pelicansbulls.001.JPG

New Orleans Pelicans guard Rajon Rondo (9) moves down court against the Chicago Bulls Smoothie King Center in New Orleans, La. Tuesday, Oct. 3, 2017.

Advocate staff photo by MATTHEW HINTON
TownNews.com Content Exchange

Midway through the fourth quarter Monday night, Rajon Rondo drove the baseline past Oklahoma City's Alex Abrines.

Then — somehow, some way — it happened.

Rondo threaded the needle with a perfect bounce pass that slithered its ways through three OKC defenders and into the hands of E'Twaun Moore who was cutting toward the basket.

Moore finished the play with a floater that gave the Pelicans an eight-point lead, the team's biggest lead of in what ended up being a 114-107 Pelicans victory.

It's the kind of play Rondo has made time and time again in his 12-year NBA career.

It's the kind of play that made the Pelicans bring Rondo to New Orleans in the first place.

So how did he make the play?

"I just closed my eyes and threw it to a spot and he picked it up at the right time," Rondo explained.

He said it with a straight face, but he was joking.

But chances are, he really could have made the pass with his eyes closed.

He knew Moore would be there.

Rondo sees plays happen before they actually happen, a testament to his diligent film study that helped get him to where he is.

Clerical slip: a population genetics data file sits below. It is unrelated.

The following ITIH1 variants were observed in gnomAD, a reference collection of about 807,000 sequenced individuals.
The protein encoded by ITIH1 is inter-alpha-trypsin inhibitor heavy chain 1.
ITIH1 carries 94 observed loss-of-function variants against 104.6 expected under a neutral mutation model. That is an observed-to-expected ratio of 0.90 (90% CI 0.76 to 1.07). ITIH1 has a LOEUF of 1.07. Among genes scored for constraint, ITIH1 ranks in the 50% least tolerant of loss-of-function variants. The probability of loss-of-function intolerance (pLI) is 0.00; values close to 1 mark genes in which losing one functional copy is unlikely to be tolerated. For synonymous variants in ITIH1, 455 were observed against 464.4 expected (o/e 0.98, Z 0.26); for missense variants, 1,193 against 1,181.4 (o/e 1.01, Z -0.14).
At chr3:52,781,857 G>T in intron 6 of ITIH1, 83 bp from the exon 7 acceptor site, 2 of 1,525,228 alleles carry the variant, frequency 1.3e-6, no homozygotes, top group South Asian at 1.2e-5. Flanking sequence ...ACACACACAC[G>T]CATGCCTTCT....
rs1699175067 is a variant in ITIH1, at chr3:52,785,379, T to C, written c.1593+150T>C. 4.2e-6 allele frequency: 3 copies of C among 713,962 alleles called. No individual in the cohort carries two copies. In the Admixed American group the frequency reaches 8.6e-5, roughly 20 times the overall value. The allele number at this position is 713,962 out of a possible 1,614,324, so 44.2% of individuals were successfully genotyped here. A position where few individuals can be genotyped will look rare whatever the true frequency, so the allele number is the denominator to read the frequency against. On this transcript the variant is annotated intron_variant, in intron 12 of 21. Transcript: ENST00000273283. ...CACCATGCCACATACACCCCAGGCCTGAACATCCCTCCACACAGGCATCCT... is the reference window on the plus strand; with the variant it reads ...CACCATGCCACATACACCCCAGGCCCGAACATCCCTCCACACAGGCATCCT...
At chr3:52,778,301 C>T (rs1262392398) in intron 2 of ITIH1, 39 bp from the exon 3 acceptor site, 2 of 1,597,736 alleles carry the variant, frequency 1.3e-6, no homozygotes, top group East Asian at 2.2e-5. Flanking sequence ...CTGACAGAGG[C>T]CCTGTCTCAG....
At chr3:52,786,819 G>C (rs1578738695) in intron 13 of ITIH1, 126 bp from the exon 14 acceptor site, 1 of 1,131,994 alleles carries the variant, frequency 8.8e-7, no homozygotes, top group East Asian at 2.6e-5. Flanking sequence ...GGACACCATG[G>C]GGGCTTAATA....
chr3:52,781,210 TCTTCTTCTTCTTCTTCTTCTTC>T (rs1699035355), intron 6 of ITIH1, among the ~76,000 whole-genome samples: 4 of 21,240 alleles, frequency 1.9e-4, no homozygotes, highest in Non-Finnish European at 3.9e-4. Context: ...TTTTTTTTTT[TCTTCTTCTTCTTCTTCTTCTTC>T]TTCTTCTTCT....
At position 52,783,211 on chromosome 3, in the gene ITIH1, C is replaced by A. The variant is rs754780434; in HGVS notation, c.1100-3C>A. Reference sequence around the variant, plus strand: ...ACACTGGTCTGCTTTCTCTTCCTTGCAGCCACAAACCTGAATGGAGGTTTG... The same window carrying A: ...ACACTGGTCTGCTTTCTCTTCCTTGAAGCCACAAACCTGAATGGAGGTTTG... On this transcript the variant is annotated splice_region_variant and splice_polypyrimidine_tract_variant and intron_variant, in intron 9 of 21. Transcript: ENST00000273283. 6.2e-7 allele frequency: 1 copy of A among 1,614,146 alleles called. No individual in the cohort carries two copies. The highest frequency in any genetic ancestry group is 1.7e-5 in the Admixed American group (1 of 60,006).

He keeps every game, every practice on his iPad.

"That's my job," Rondo said. "I have one job and that's to be the best basketball player I can be. I am extension of the coach out there on the floor as a point guard, so I have to know where all five guys' spots are on the floor at all times. Sometimes guys need a little direction. If I call a play, and they know where to go, I need to know where they are going to be."

Ask his teammates or any coach in the league about Rondo and chances are, the phrase "coach on the floor" will come up at some point.

"He's just really smart,"Oklahoma City coach Billy Donovan said. "He has such a great feel for the game and really good vision. He can impact the game in a lot of different ways."

Toronto Raptors coach Dwane Casey calls Rondo a "computer on the floor."

Teammate DeMarcus Cousins calls him "a wizard on the court."

Alvin Gentry says he's one of the smartest players he's ever seen. 

It all goes back to his film study.

"I thought I knew it all, but film doesn't lie," Rondo said. "It's hard to watch, but at the end of the day, you're able to learn and critique yourself. The best teacher for me always has been film."

Rondo started breaking down film when he was 14.

Credit Doug Bibby, Rondo's coach at Eastern High in Louisville, Kentucky, for that.

"I always thought good film study was even better than a good practice and Rajon just really embraced it," Bibby said. " He understood the game at an early age. The one thing that surpassed his athletic ability was his intellect. He's just an incredibly intelligent guy."

It's why Pelicans coach Alvin Gentry has a good idea what Rondo should be doing whenever Rondo writes the final chapter on an NBA career that includes four trips to the NBA All-Star game, four times a member of the NBA All-Defensive team, and an NBA title with the Boston Celtics.